After your organization is hit by ransomware, it does its work of encrypting the files or locking the system, according to the type of ransomware used. The screen displays a message and the instructions for payment. At the same time, ransomware pivots to other systems and tries to do the same. 

The following few steps can help you while being under a ransomware attack.

  • The first and foremost task at hand would be identifying the system affected.
  • Isolating affected systems from the organizational network.
  • Identifying and shutting down any backdoors present in the systems.
  • If necessary, cut the power supply of the affected systems.
  • Call for experts to look into the environment and eradicate the threat present.

Steps to prevent ransomware attacks

Various measures can be taken to prevent ransomware attacks and the following disaster. 

  • Monitor your server and network and back up key systems. Make multiple backups and store them.
  • Emails are the primary source of distributing ransomware attacks. Spearhead phishing, broken into simple terms, targets a particular person who holds substantial influence over the organization.
  • Invest in user training and build a culture of security.
  • Network segmentation helps to stop the further proliferation of the attack over the organizational network.
  • Secure web gateways can scan users’ web surfing traffic to identify malicious web ads that might lead them to ransomware
  • Using security tools like Intrusion Detection Systems (IDS) and Intrusion Prevention Systems (IPS).
  • Depending on timely Vulnerability assessments and Penetration Testing.

If organizations have followed best practices and made regular backups of the data, the restoration will be quite easy, and no need for a ransom payment. This will also ensure that your organization gets to working conditions as soon as possible.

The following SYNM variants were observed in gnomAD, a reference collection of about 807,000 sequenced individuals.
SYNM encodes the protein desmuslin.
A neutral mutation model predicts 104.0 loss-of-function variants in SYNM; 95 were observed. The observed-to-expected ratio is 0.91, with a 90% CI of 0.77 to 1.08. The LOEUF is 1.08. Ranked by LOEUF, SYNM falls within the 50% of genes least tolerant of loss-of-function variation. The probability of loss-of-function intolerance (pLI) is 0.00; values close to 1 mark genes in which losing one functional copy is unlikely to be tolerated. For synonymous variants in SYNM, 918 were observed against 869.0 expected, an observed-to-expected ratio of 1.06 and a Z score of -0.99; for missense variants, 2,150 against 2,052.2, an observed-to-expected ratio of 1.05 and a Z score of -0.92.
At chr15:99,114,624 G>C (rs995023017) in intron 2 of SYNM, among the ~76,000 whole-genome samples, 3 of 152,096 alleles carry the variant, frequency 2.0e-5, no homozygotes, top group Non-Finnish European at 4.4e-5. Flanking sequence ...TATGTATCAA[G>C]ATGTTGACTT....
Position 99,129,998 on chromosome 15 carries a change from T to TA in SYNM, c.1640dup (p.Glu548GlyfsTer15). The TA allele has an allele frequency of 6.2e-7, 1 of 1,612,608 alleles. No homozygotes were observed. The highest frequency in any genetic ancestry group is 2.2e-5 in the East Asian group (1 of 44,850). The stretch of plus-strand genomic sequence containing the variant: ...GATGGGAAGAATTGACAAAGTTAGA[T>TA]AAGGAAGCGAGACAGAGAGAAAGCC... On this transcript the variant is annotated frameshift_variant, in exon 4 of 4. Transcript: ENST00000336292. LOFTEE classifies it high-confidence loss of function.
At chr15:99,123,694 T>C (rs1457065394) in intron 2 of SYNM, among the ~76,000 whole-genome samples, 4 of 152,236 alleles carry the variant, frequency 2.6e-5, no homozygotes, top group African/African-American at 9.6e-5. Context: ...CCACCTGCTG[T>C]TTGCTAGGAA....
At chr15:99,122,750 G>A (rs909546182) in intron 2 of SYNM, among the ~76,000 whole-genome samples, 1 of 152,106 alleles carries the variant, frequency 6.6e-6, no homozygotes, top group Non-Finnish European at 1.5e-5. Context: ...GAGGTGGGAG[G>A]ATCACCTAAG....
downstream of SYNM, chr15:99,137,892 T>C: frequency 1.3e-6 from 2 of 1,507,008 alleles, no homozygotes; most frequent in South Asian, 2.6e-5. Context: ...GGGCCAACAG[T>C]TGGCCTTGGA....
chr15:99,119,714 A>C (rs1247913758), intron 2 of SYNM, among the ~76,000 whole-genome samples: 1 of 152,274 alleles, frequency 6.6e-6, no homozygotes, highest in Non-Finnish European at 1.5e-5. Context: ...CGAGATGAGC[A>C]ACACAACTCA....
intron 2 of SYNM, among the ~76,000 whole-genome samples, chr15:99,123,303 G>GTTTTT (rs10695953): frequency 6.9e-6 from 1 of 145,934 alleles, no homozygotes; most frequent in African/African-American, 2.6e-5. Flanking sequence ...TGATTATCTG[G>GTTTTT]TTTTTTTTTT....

Ransomware-as-a-service (RaaS) is a growing threat to businesses of all sizes. RaaS makes it easy for even the most unskilled criminals to launch ransomware attacks, which can result in significant financial losses and downtime.

The best way to prevent ransomware attacks is by never letting it happen. Using advanced security tools and proper training, the employees will save millions.

Timely Vulnerability assessments, along with penetration testing, will help organizations follow up on any disadvantages posed to them. 

If you are struck with ransomware attacks, your movements should be swift, and the incident should be reported immediately.

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About the Author

Akashdeep Kashyap is a cybersecurity enthusiast who views the field not just as a profession, but as a pathway to unlocking the true essence of technology. His journey in cybersecurity is driven by a profound belief that understanding and securing digital systems illuminates our understanding of the broader tech landscape. Akashdeep approaches cybersecurity as a means of enlightenment, constantly seeking to unravel the complexities of digital security while embracing the ever-evolving world of technology.